Critical Mass

Again, the Huffington Post published this article, Detroit Critical Mass Helps Area Cyclists Find Common Ground On City Streets. It accurately paints a mixed view on how successful this ride is. Interestingly, the critics aren’t motorists, but other Detroit cyclists. We’ve heard from critics of this popular ride as well: it’s too fast, too long, too organized, and it caters too much to suburban cyclists who drive to the city for the ride.

Ironically enough, the Detroit Critical Mass ride was moved to this location in part because of its free car parking. The bike lanes being installed this year eliminate much of that free parking. Will Critical Mass move again because of the bike lanes?

A View from Below

The Lakewood Observer from the Cleveland-area published, The Detroit Comparison: Sam Willsey’s Recent Cycling Experience. It’s an interesting article that gives the impression that Detroit is ahead of Cleveland in terms of adding bike lanes and trails. We’re not sure how both cities compare, but it seems we have much lower traffic on our streets.

The article does get a couple things wrong. We do have a bike advocacy group — the Detroit Greenways Coalition. And, the Michigan Trails and Greenways Alliance is not proposing or significantly funding these projects. Non-profits and the City are the ones proposing, while funding comes from a variety of state, local, and philanthropic sources.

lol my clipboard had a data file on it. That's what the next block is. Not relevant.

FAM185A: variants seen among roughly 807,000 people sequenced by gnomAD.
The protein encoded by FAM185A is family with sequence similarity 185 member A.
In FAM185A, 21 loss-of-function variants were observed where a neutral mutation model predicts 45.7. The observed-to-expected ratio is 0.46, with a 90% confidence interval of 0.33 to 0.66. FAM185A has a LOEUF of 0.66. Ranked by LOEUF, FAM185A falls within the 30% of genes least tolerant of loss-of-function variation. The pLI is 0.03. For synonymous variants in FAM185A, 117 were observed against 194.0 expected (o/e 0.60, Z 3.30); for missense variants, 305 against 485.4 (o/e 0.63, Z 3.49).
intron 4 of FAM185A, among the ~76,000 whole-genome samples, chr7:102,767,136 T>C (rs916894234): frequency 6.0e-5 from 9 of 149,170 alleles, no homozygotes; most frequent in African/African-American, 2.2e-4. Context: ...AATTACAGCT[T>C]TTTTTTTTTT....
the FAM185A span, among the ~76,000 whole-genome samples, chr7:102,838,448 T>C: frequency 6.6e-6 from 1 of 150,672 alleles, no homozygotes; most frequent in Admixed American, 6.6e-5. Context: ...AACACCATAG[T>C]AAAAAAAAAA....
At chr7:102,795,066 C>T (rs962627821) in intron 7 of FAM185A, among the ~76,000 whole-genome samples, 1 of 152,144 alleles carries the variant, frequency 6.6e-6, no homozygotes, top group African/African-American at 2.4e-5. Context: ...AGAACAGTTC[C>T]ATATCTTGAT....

A Bicycle Lending Library

Stories about Fender Bender’s plan for a community-based bike share program were published in both Mode Shift and the Huffington Post.

From Mode Shift:

Like any bike sharing program, The Bicycle Lending Library will rent bikes out from one to four days with the single-day rental being the most “expensive” and adding days will make the rental cheaper. [Sarah] Sidelko says the program is going to be very affordable, but does not have the specific dollar amounts worked out yet.

In addition to renting a bicycle, the Library will also lend out a helmet, a bike light and lock and a map of Detroit, which will have an emphasis on bike lanes and greenways, and will have other prominent destinations peppered in.

Detroit Cycling History

The Huffington Post rounded out their bike series by touching on the city’s rich cycling history. The article is primarily an interview with the Hub‘s Jack Van Dyke.